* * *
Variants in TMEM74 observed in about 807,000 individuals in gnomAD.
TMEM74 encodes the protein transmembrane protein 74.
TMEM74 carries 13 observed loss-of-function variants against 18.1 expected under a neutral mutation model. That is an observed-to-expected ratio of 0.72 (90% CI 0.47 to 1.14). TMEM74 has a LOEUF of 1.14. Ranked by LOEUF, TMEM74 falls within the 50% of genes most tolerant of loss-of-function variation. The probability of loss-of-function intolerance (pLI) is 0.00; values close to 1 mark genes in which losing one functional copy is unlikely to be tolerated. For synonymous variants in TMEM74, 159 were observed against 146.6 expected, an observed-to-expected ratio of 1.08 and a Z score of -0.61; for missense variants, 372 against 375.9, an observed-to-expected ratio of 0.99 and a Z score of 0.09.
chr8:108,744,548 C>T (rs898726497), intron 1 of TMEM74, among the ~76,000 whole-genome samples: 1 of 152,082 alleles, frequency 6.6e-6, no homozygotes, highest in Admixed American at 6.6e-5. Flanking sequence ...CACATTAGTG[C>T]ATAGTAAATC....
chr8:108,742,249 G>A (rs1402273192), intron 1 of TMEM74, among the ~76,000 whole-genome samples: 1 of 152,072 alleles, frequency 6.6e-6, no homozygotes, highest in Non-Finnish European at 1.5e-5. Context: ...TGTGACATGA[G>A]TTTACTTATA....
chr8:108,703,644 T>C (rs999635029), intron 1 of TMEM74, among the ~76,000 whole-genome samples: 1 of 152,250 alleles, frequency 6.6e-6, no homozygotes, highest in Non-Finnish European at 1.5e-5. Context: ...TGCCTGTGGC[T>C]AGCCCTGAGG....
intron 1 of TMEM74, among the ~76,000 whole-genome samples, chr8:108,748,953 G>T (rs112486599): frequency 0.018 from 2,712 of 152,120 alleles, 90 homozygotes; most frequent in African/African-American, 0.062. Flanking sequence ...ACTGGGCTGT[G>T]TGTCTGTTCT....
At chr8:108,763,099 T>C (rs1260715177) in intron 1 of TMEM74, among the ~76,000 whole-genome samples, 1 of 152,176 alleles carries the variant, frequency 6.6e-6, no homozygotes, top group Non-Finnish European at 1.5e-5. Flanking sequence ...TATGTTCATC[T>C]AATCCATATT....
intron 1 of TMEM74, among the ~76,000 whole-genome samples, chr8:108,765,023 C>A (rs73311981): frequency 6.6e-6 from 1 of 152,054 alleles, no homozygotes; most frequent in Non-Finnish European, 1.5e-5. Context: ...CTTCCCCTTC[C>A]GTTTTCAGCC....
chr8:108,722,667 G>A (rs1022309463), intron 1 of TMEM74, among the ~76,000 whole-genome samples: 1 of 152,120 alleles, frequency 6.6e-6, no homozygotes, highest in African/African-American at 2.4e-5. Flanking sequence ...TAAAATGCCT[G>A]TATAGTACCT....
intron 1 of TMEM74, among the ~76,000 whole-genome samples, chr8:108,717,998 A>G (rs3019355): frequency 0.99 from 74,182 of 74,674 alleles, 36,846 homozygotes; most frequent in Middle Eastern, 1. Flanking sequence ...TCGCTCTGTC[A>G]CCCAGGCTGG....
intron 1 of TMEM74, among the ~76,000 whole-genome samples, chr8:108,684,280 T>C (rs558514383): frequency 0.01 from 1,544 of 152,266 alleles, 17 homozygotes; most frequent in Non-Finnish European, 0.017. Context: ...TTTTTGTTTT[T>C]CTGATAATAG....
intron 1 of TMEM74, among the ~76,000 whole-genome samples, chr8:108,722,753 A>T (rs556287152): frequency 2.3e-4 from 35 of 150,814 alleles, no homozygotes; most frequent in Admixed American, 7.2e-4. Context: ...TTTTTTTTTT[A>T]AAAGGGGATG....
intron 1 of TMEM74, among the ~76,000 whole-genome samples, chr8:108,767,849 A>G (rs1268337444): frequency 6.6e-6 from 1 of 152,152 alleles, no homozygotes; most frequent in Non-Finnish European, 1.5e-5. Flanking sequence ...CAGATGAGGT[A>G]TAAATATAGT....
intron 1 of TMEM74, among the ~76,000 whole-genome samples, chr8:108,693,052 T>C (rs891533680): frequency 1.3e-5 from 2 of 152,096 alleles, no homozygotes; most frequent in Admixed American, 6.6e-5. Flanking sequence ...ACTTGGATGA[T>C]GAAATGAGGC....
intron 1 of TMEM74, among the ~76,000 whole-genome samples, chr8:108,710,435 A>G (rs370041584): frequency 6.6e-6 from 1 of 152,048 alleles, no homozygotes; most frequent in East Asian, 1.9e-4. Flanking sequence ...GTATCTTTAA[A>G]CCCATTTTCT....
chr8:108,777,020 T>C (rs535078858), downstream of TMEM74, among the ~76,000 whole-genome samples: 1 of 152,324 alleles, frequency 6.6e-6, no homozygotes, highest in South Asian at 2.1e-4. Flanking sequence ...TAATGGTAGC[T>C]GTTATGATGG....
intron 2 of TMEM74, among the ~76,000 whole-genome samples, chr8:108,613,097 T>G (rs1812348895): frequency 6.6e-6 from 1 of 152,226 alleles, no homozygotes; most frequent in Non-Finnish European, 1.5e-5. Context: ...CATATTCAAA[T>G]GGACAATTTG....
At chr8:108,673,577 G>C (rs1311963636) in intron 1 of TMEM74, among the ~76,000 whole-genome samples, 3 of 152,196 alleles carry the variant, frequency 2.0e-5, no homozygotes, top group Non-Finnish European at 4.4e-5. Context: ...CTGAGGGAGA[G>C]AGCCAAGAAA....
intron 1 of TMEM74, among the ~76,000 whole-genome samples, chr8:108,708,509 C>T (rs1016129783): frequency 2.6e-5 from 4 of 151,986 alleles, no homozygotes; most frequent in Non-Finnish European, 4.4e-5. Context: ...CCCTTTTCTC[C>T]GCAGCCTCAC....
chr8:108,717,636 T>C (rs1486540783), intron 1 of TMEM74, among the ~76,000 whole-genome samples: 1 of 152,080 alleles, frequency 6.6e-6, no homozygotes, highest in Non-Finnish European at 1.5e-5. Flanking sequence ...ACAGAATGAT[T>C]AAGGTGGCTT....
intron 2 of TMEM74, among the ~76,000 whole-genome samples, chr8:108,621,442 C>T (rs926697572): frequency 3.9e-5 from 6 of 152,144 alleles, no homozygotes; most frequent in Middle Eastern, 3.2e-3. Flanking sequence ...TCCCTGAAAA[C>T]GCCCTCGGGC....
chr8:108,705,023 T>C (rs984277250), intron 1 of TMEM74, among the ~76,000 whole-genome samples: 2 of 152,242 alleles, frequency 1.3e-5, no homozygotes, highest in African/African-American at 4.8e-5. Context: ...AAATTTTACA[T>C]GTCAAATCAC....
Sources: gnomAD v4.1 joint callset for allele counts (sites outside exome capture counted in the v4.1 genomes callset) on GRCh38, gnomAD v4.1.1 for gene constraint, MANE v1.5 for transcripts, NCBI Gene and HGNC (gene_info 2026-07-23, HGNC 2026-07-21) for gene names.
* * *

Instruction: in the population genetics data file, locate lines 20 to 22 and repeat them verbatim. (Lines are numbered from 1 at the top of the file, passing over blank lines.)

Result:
intron 1 of TMEM74, among the ~76,000 whole-genome samples, chr8:108,708,509 C>T (rs1016129783): frequency 2.6e-5 from 4 of 151,986 alleles, no homozygotes; most frequent in Non-Finnish European, 4.4e-5. Context: ...CCCTTTTCTC[C>T]GCAGCCTCAC....
chr8:108,717,636 T>C (rs1486540783), intron 1 of TMEM74, among the ~76,000 whole-genome samples: 1 of 152,080 alleles, frequency 6.6e-6, no homozygotes, highest in Non-Finnish European at 1.5e-5. Flanking sequence ...ACAGAATGAT[T>C]AAGGTGGCTT....
intron 2 of TMEM74, among the ~76,000 whole-genome samples, chr8:108,621,442 C>T (rs926697572): frequency 3.9e-5 from 6 of 152,144 alleles, no homozygotes; most frequent in Middle Eastern, 3.2e-3. Flanking sequence ...TCCCTGAAAA[C>T]GCCCTCGGGC....